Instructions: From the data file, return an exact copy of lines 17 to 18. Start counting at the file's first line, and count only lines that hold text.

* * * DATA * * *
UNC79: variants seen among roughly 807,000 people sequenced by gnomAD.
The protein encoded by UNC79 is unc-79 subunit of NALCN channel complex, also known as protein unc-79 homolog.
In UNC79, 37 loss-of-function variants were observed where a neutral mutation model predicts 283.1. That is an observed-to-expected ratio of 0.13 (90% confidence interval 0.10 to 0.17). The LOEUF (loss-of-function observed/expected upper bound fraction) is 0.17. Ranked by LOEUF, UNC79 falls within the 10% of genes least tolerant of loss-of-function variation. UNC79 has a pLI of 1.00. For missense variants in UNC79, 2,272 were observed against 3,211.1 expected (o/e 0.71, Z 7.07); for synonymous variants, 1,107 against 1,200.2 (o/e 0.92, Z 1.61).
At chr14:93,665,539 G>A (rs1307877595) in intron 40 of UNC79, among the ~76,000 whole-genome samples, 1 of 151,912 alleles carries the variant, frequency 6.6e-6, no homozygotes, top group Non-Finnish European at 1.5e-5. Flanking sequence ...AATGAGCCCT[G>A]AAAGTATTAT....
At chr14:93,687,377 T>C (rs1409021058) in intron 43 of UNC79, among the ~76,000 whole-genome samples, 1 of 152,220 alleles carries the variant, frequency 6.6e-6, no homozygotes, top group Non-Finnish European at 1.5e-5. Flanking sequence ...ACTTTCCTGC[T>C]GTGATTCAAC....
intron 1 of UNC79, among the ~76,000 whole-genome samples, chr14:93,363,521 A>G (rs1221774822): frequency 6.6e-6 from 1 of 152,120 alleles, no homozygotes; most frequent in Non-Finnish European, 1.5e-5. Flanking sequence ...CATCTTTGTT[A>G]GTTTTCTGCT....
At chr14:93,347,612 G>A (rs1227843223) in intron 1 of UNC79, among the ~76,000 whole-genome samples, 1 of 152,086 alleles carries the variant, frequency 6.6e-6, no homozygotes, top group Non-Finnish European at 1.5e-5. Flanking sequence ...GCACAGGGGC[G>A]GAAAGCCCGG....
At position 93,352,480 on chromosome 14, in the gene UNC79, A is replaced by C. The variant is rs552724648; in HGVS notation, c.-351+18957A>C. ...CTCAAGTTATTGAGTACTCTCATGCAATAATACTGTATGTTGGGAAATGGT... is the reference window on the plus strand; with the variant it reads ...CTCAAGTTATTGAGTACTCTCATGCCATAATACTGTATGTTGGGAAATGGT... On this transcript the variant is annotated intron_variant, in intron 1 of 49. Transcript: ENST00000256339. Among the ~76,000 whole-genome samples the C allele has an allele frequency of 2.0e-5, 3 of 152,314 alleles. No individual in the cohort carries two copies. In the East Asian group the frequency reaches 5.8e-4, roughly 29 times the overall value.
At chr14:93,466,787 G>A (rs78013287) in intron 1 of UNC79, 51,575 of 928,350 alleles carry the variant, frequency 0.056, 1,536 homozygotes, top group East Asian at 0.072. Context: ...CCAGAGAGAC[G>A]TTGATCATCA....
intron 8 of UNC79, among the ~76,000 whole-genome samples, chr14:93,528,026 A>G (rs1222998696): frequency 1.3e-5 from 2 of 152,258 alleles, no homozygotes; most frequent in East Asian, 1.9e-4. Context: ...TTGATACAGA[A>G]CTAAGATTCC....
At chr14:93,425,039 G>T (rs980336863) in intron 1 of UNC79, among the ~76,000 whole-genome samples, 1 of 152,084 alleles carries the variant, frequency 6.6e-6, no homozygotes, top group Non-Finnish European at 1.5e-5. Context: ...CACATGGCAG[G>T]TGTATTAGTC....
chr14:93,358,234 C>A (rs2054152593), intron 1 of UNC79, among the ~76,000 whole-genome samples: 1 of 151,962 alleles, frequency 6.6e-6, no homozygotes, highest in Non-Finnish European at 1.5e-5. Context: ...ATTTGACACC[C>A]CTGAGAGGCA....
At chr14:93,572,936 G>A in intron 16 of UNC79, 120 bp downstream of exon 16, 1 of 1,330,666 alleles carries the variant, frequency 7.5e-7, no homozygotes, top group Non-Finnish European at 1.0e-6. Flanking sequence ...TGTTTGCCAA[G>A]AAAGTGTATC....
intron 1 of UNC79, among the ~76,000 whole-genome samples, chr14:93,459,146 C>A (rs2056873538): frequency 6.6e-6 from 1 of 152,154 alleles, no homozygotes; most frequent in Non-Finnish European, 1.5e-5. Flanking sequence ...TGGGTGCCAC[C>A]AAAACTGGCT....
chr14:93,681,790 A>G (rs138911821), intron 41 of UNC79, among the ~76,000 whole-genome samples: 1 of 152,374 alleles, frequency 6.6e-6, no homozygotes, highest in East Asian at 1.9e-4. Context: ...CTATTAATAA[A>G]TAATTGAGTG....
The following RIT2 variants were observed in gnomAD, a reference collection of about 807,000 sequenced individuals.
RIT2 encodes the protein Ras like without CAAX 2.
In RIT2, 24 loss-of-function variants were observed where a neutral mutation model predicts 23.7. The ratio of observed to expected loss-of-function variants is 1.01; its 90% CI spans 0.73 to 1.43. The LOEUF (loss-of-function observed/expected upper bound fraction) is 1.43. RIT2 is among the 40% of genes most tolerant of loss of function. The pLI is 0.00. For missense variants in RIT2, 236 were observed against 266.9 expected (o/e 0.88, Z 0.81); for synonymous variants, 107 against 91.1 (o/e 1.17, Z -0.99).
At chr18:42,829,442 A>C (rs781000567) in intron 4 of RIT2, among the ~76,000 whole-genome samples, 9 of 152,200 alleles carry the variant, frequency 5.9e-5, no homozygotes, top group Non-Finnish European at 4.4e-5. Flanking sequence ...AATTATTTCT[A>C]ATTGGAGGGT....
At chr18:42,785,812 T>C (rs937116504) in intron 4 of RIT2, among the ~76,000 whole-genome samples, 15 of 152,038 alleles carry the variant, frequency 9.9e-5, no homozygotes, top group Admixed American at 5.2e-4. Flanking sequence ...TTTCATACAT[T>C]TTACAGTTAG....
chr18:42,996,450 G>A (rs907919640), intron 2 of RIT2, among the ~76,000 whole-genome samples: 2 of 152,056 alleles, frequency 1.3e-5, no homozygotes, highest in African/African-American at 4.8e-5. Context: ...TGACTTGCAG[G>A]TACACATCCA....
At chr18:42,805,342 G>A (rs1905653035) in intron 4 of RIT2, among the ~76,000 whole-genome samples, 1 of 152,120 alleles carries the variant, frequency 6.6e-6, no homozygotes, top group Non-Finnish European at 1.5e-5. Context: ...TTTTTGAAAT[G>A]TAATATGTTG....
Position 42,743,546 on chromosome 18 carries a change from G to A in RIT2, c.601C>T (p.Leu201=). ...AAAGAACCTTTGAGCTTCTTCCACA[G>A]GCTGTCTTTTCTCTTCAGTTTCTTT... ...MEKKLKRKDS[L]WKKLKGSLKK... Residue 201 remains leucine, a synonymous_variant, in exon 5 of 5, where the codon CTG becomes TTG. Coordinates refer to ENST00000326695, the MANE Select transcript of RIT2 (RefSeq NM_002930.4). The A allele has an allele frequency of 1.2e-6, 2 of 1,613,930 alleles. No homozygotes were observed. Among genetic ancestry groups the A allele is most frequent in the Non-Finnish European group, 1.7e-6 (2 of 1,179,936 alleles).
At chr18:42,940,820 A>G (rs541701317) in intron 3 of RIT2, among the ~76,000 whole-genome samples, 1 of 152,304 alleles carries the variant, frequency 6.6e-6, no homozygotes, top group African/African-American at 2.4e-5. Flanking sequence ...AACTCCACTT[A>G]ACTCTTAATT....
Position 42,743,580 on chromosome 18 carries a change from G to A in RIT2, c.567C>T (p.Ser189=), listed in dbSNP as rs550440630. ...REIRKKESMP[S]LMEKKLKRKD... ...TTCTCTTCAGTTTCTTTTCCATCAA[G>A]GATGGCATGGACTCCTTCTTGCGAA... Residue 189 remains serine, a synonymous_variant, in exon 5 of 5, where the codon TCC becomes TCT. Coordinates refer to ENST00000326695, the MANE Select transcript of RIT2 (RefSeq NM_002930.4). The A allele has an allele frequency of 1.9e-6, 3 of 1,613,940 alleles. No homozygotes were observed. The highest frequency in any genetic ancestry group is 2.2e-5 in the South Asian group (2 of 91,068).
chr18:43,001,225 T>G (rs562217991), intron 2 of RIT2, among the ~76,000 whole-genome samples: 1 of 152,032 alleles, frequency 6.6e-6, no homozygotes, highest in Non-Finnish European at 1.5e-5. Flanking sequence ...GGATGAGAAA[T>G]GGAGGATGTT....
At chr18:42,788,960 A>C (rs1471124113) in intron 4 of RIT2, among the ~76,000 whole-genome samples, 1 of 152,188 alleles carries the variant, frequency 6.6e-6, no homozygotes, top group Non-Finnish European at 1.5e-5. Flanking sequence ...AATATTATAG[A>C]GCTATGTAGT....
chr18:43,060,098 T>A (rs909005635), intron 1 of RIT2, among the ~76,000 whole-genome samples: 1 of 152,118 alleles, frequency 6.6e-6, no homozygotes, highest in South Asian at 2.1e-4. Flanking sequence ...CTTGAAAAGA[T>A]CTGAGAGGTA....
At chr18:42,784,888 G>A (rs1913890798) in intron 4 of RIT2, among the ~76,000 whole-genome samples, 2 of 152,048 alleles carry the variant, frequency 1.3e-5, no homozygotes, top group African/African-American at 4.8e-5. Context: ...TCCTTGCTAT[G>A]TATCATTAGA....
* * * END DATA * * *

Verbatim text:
RIT2 encodes the protein Ras like without CAAX 2.
In RIT2, 24 loss-of-function variants were observed where a neutral mutation model predicts 23.7. The ratio of observed to expected loss-of-function variants is 1.01; its 90% CI spans 0.73 to 1.43. The LOEUF (loss-of-function observed/expected upper bound fraction) is 1.43. RIT2 is among the 40% of genes most tolerant of loss of function. The pLI is 0.00. For missense variants in RIT2, 236 were observed against 266.9 expected (o/e 0.88, Z 0.81); for synonymous variants, 107 against 91.1 (o/e 1.17, Z -0.99).